Precise Motion with Motion Paths Advanced PowerPoint Tutorial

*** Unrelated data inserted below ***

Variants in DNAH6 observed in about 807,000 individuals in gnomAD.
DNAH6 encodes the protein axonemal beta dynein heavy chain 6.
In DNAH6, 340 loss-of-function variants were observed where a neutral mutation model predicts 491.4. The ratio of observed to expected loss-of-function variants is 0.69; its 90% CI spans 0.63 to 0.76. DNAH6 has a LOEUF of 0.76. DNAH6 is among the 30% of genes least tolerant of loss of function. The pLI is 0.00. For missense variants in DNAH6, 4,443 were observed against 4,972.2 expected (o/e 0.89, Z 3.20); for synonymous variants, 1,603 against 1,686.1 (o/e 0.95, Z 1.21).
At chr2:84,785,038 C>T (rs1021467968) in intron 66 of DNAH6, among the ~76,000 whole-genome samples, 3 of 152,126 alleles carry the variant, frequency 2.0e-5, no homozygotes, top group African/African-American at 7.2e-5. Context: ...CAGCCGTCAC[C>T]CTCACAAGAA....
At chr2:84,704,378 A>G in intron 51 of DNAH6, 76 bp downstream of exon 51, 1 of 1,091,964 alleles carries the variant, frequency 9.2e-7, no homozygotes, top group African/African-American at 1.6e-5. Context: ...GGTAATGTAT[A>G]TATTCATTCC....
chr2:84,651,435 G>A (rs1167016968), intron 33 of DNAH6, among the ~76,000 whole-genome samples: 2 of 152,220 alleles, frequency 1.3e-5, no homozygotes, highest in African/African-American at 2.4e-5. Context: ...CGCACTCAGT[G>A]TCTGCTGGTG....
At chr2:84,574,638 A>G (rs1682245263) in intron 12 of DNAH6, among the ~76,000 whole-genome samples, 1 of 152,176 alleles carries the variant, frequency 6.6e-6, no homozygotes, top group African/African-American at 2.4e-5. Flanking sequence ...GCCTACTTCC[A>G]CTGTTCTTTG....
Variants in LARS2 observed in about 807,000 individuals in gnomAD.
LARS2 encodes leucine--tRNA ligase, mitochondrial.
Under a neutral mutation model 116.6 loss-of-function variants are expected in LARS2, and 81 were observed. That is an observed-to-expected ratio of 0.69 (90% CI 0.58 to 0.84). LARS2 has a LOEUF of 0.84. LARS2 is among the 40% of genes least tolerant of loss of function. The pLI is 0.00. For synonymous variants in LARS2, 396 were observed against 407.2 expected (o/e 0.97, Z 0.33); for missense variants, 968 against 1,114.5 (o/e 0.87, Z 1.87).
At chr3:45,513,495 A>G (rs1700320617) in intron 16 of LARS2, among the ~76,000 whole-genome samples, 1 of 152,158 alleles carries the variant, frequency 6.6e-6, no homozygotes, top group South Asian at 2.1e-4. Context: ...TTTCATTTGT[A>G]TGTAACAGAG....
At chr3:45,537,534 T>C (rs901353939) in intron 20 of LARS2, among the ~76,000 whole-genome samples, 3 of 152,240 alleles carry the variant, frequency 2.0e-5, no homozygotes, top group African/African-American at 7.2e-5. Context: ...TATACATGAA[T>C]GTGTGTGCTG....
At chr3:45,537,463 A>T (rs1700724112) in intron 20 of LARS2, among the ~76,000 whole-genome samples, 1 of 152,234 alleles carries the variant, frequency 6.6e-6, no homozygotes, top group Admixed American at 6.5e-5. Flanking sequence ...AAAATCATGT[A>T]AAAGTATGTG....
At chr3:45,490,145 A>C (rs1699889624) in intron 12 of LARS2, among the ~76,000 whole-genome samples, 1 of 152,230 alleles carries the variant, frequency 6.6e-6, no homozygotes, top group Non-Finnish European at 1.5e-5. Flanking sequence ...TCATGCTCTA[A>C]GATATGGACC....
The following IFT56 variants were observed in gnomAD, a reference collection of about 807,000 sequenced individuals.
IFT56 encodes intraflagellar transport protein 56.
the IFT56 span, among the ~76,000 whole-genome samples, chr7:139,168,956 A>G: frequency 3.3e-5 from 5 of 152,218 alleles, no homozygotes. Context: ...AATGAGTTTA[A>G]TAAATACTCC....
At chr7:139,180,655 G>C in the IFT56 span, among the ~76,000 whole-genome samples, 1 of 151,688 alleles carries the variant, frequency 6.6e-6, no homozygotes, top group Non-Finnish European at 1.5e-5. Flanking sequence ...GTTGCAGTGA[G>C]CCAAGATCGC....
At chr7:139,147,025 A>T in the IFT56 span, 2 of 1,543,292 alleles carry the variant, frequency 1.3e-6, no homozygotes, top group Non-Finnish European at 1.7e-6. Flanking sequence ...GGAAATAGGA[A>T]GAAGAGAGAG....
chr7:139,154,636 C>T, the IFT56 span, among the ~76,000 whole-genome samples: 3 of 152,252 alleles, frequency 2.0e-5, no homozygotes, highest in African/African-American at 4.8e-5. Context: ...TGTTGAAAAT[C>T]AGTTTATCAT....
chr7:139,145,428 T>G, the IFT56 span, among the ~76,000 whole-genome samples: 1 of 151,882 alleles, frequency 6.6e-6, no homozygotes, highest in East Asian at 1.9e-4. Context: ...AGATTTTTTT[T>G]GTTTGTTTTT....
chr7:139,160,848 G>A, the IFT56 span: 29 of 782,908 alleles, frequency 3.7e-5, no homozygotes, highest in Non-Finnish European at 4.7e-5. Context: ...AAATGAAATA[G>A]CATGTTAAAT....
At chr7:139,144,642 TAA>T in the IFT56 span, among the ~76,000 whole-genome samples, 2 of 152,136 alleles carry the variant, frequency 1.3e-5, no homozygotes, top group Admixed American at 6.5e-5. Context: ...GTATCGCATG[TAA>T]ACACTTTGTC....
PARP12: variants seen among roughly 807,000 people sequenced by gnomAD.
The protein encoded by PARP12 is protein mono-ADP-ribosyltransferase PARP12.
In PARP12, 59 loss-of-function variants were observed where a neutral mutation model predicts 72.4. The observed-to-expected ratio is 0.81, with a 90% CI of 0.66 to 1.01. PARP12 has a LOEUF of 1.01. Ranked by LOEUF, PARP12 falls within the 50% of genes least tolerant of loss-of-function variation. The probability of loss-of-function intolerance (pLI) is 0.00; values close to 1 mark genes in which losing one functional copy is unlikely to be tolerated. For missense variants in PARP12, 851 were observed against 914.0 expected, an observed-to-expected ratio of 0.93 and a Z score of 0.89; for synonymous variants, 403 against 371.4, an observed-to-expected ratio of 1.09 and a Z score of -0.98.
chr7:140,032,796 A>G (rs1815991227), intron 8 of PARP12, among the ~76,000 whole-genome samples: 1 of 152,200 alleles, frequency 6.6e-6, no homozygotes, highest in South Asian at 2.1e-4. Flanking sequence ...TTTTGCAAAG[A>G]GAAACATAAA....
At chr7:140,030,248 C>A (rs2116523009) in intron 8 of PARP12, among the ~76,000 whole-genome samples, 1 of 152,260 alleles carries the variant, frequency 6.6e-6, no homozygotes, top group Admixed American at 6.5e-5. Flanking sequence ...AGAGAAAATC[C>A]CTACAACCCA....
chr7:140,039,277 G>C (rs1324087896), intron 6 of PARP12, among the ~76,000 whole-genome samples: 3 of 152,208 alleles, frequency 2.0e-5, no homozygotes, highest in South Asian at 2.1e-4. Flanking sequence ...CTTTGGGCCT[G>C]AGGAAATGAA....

Let’s get things moving with absolute pinpoint precision oh no hang on here comes a shameless plug let’s say you’ve got a website that you want to show people here’s a pretty good one and I highly recommend that you check out bright carbon comb for loads of great presentation and elearning services master classes and resources ok plug over it’s great to be able to show it full screen so that it’s really easy to see all of the details like where to click for the blog free resources weekly events and should you need help lots of great services sorry sorry that’s just naked commercialism I’ll try to stop anyway that’s great but then if you want to tell more of a story now that your audience have seen it you might want to get down onto a monitor and then talk about how the strategy to rid the world of poor presentations is to get the website out to people through Google ranking as a word mouth okay fair enough but now pause and think about how that’s been done you’ve got a full-screen image that then shrinks down to precisely fit onto the monitor getting it into exactly the wrong position could be achieved by trial and error but I suspect that you don’t have time for that instead there are much quicker ways to make this happen if you want to move an object into a specific position say the area outlined by this dotted red box then you use the motion path animations click on the object you want to move go to the animations tab on the ribbon and choose add animation if you scroll down the list you’ll see the motion paths hidden away at the bottom there not sure why is that my favorite type of animation just as a side note if you have a favorite PowerPoint animation let us know by emailing info at bright carbon comm ha sorry what am I saying if anyway choose a simple line one of the tricks to motion paths is keeping them nice and simple and you’ll see you get a line added to your box the green end of it is where the center of your shape will start to move from the red endpoint is where the center of your shape will move to and the black dotted line shows the path that it will take now in PowerPoint 2013 and later you have an advantage here because you get a ghosted image of the final end position of your shape so it’s actually pretty easy to drag the red end of the motion path into the right position but as you’ll see in a moment this doesn’t always help you if you want to do something a bit more complicated so keep listening for those in PowerPoint 2010 or earlier you just have to make a guess or where to put it however if you think about it this is all about the center point of your shape and knowing where it is and where it needs to be and the motion path shows you that center point by default with the green start point so if you duplicate your shape with the motion path applied to it and then position the duplicate where you want the shape to end up the green starts to the motion path shows you the center point of the shape in the place where you want it to be so if you match up the red end of the first motion path with the green start of the duplicate motion path you know that the shape will now move into the right position delete the duplicate shape put it in show mode and you’re ready to go really quick and easy loyal viewers using PowerPoint 2013 and later might think that this is a bit of a long way round and you’re right until you have to change the size of the shape too because with the motion path preview you don’t get any preview of how much the object might grow or shrink so you end up playing the same guessing game say for example you want to shrink the box down onto this monitor first you need to know how much to shrink it by so duplicate your shape and resize it to fit on the screen using the little grab handles on the edges if you press the shift key while doing this you’ll preserve the aspect ratio of your shape so it doesn’t get stretched out of proportion and become useless then you’re going to use a bit of elementary school math to figure out how much the shape has to shrink by so right-click on the second shape and choose size and position to see what size it is then click on the other shape to see what size it is and simply divide the N size by the initial size to get the growth ratio and of course you know that one point three seven divided by two point seven four is yes well done in the back or 50% now add a grow shrink animation to your original shape then go to the animation pane and double click on the yellow grow shrink animation to change the size the default is to grow by 150 percent so click on the drop-down to change it to your desired percentage in this case 50% press enter at this point to lock in the amount knots of the okay button and then once you can press ok then right click on the emphasis animation and choose with previous to make it happen at the same time as the motion path so you’re now left with a shape that shrinks down by the right amount and then use the motion path positioning trick to line up the red endpoint of the first motion path off the green start point of the second motion path to make the shape move to the correct place delete the second shape and when you put it into show mode it moves and shrinks into the perfect position oh the precision

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